Friday, 6 July 2012
"Tell me Clarice.....have the lambs stopped screaming?"
I shouldn't joke, but Wolfie's grazing muzzle bears more than a passing resemblance to the mask worn by Hannibal Lector in the film Silence of the lambs. Even looking at a photograph of Wolfie wearing the muzzle makes me feel really sad. I understand grazing muzzles have their uses and many people have great success in managing their horses weight using them, but I am struggling with the whole concept of it. It is completely restricting their natural behaviours and ok they can still eat and drink, but they can't nip whilst playing or groom each other and it must be so frustrating for them. I bought the muzzle last year and never used it. Last year Wolfie was kept in a fenced off part of one of the fields on restricted grazing on his own. This was initially due to him being in isolation with his virus and then it continued to try and get some weight off him. I completely disagree with keeping any horse on its own, and by the end of his time in isolation, he was pretty miserable. As Wolfie is kept at a livery yard, I have little control over where he grazes and how much access to fresh grass he has. His weight is actually very good at the moment, I would like him to lose another few kilos, or certainly not put any weight on. We are having completely different weather conditions from last year and all the rain we are having is washing a lot of the goodness out of the grass. The downside of that is that the fields are waterlogged and boggy. I've been considering once again putting the grazing muzzle on. I've been trying it on him for 5 to 10 minutes at a time to try and get him used to it. The other day I put the muzzle on and took him down to the field. I stood with him for 20 minutes to make sure he was ok. He cantered around for a while tossing his head. I don't think he was so much distressed, more like furious. I thought I would walk up to the gate and watch to see if he settled. I must have taken only 4 or 5 steps when i turned around and the grazing muzzle was lying on the ground and Wolfie had a huge mouthful of grass. I couldn't work out how he had managed to get it off, as it was all still fastened and there was nothing nearby that he could have rubbed it on. I put the muzzle back on, sat down in the grass and waited. After about 5 minutes he lifted his left back foot up to his left ear and hauled the muzzle over his head and ears. He then wandered off leaving the muzzle dumped on the ground. The first time it might have been coincidence that he was scratching behind his ear and the muzzle came off. The second time when I saw him, he knew exactly what he was doing. I was already concerned about how tight the muzzle was, if I tightened it any, it would dig into him. So Wolfie has solved the dilemma over the grazing muzzle....if I put it on, he'll just take it off.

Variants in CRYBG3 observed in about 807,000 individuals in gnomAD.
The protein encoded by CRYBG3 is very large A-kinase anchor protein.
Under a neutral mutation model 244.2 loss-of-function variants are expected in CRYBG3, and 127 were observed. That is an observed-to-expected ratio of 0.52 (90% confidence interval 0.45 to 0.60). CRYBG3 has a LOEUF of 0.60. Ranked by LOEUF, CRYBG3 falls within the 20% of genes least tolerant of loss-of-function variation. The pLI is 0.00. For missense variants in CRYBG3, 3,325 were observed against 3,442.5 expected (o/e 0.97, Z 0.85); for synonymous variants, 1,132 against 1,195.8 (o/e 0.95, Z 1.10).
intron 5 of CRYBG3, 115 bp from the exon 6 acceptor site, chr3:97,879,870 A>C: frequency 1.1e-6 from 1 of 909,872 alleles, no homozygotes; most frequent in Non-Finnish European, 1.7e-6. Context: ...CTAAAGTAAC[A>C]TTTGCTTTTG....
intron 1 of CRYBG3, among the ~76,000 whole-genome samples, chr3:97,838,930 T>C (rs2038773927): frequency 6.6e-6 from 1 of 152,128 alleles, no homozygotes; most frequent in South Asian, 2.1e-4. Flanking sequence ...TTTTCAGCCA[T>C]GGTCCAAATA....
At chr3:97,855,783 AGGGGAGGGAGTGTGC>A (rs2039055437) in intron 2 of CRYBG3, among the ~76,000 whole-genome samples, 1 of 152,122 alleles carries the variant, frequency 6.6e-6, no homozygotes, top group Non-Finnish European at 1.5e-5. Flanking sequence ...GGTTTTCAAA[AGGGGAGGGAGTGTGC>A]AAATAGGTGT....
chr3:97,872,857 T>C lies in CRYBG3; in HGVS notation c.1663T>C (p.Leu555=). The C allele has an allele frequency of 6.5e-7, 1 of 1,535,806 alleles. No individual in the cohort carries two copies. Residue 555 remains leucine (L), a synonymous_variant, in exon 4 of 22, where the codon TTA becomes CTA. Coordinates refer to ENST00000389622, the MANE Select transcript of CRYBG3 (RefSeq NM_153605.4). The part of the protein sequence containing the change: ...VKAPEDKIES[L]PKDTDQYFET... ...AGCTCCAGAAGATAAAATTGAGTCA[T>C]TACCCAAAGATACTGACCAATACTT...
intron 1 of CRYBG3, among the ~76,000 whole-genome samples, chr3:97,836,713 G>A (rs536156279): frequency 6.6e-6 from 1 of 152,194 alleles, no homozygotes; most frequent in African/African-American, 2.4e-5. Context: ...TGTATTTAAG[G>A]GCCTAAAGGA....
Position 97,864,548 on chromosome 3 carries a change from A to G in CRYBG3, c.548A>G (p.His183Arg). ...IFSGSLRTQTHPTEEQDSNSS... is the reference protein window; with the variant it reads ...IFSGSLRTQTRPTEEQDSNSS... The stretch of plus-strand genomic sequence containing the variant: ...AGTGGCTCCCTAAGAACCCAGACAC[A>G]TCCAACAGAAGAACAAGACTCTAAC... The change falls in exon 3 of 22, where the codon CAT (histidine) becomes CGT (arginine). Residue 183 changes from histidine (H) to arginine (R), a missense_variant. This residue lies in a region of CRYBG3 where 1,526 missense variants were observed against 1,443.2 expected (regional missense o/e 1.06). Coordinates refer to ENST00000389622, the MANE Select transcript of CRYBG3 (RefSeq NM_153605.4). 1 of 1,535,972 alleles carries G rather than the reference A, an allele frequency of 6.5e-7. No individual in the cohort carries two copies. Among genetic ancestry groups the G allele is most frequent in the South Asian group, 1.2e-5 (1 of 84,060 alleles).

The idea that grass can at times be harmful to horses is difficult for most people to understand. After all, horses love lush green grass. But allowing some horses a large constant source of the green stuff can really be detrimental. Much of the grazing in the UK has been improved i.e. re-seeded with grass species chosen for maximum milk and meat production in sheep and cattle (animals that are not known for their athleticism, or expected to live a long and active life). Whereas horses evolved to thrive on forage that is sparse and low in nutrients. My dream would be to have my own grazing where I could set up a track system like paddock paradise.
Wolfie finished his Danilon on Monday and he's back being turned out overnight and brought into his stable during the day. He's been trotted up and looks sound. He's still been resting as the weather has been awful and the ground conditions are not suitable for doing anything. We've been working a little with the clicker, mainly just on touching targets, but it's good fun and Wolfie is a wonderful student, if not a little over enthusiastic at times! If the weather stays dry over the weekend, I will long rein him and see how he is.
And just randomly, this statue is part of Glasgow's culture. The rider always has a cone on his head. the police and council have stopped taking it off as a cone just gets put straight back on. I quite like it. I don't think I've ever seen it without a cone.